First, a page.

Tuesday, September 22, 2009

How the football of justice bounces

Michael Vick, when he was not running and passing on the football field, was a dog fighting impresario. For this he was sentenced to twenty-three months (and several conditions) under federal convictions, and was sent to Fort Leavenworth, Kansas. Dog fighting is vicious and disgusting. Anyone who profits from or enjoys this entertainment is wicked.

Donte Stallworth, football receiver, while drunk and driving, hit and killed Mario Reyes. Stallworth was sentenced to thirty days (and several conditions) and did twenty-four days in Miami jail.

Plaxico Burress, football receiver, accidentally shot himself in the thigh while dancing in a saloon. This sounds like a foolish video scene, albeit with a handgun, that would be shown on a television programme highlighting humor and stupidity, but the mayor of New York City, Michael Bloomberg, became intensely vocal advocating fullest possible punishment. Burress has been sentenced, to-day, to two years imprisonment.

Where is the equity? ‘Justice’ in the United States of America is a game, a contest of intangibles, and like a game can be decided by one bad call. There is no instant replay in the courtroom.

I would suppose all three men, because of their financial success in athletics had access to high calibre legal advocates. If they were three, poor, unknown, black men their trials would be of little note or contest. There is a huge thirst for punishment, and blind vengeance, over drunk driving. Organisations monitor and push courts and legislators to exercising greater severity. Hitting a stop sign, while drunk driving, can lead to a nightmare for the driver over virtually nothing. Government financial grants are given to elaborate sobriety stops, that are used as fishing expeditions. Yet, have you read supra? And then two years for an unintentional, self-inflicted wound? while a killing gets twenty-four days? The scales of justice are not balanced, there broken.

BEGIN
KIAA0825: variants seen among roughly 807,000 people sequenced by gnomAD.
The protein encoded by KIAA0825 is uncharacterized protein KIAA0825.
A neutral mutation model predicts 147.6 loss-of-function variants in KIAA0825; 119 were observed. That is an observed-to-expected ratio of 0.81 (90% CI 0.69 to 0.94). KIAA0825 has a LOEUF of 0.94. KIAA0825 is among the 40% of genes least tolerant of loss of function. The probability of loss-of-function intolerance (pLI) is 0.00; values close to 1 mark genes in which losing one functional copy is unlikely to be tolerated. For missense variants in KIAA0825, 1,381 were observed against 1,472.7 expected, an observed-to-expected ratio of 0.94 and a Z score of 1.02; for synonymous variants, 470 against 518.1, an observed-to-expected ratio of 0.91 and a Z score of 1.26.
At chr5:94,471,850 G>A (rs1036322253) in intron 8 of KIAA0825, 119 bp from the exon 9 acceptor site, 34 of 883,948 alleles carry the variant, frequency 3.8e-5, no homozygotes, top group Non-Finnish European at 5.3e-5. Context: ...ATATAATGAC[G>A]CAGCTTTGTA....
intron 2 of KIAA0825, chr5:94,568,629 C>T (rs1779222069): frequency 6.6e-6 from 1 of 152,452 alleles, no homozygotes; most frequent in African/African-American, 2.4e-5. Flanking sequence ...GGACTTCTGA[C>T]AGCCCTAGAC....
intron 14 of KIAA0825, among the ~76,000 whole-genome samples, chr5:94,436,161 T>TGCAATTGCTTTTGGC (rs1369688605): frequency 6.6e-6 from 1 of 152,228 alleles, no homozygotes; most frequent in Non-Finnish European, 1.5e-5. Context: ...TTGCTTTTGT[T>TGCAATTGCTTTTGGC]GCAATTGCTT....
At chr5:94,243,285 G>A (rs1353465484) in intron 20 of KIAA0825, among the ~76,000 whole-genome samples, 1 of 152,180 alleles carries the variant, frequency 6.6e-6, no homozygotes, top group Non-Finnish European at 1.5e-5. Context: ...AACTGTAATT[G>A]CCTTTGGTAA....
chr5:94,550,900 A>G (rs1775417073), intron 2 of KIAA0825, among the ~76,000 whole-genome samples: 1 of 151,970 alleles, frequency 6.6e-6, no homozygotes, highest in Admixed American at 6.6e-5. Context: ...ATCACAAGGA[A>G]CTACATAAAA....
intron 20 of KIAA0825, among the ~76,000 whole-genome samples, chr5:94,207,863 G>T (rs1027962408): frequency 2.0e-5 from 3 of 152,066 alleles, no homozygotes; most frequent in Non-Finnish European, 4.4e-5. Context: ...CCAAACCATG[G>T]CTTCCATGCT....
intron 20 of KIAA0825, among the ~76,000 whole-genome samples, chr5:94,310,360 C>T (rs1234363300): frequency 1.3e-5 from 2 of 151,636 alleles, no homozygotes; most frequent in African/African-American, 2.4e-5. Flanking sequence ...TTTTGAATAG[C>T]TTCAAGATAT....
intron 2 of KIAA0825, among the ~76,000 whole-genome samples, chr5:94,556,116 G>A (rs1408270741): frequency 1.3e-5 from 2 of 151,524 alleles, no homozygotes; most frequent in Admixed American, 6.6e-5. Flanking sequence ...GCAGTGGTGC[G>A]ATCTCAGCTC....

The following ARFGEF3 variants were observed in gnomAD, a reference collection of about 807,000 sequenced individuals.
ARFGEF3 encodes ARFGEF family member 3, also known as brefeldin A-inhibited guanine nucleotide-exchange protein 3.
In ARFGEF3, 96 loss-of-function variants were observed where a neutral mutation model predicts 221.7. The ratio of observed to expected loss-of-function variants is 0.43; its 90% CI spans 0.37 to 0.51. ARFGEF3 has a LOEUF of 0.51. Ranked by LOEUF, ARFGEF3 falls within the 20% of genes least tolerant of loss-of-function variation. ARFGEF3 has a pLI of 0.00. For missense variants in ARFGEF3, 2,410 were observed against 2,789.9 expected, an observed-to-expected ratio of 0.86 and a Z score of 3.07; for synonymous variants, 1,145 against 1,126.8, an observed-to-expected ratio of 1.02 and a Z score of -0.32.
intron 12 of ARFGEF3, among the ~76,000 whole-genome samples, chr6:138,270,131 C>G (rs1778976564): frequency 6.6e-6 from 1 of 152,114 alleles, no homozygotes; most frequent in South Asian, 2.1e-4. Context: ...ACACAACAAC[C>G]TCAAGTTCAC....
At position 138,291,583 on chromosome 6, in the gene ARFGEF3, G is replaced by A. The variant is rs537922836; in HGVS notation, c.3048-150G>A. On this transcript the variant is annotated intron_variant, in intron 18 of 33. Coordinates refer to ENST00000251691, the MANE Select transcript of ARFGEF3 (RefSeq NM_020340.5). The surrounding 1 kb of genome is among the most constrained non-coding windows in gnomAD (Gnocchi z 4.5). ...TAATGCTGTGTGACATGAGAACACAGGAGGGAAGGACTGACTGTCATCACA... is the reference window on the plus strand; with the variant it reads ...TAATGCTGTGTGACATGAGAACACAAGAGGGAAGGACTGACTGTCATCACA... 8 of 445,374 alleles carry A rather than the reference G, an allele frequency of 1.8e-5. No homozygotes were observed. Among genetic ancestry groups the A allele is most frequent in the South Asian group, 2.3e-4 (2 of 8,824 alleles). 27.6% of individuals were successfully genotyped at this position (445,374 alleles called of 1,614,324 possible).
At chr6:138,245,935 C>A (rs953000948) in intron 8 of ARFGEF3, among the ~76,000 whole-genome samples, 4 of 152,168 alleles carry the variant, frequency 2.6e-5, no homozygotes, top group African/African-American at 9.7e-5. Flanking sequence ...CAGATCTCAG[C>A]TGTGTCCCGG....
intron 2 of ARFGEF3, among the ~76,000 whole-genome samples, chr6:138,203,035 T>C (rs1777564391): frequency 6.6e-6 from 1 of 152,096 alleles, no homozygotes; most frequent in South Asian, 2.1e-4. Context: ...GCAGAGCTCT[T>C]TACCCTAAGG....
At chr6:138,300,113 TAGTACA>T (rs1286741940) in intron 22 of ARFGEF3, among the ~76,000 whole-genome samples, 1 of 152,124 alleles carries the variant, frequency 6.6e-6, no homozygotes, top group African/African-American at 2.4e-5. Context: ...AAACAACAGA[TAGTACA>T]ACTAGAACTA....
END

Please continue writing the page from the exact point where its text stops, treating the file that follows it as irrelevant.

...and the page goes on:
Now, in 1963 William Zantzinger, a young rich man, received a six month sentence for killing Hattie Carroll, a black hotel servant, in Baltimore. Bob Dylan has given this a lasting infamy:
In the courtroom of honor, the judge pounded his gavel
To show that all's equal and that the courts are on the level
And that the strings in the books ain't pulled and persuaded
And that even the nobles get properly handled
Once that the cops have chased after and caught 'em
And that the ladder of law has no top and no bottom,
Stared at the person who killed for no reason
Who just happened to be feelin' that way without warnin'.
And he spoke through his cloak, most deep and distinguished,
And handed out strongly, for penalty and repentance,
William Zanzinger with a six-month sentence.
In 1991 Zantzinger was sentenced to eighteen months for collecting rent on properties he did not own as a landlord. Zantzinger died earlier this year, he has not been forgotten.

It is hard to correlate the dispensation of justice in this country. Wealth and the social status of participants skews matters, but not always correspondingly. The wheels of justice and fortune are similar to a roulette table’s.

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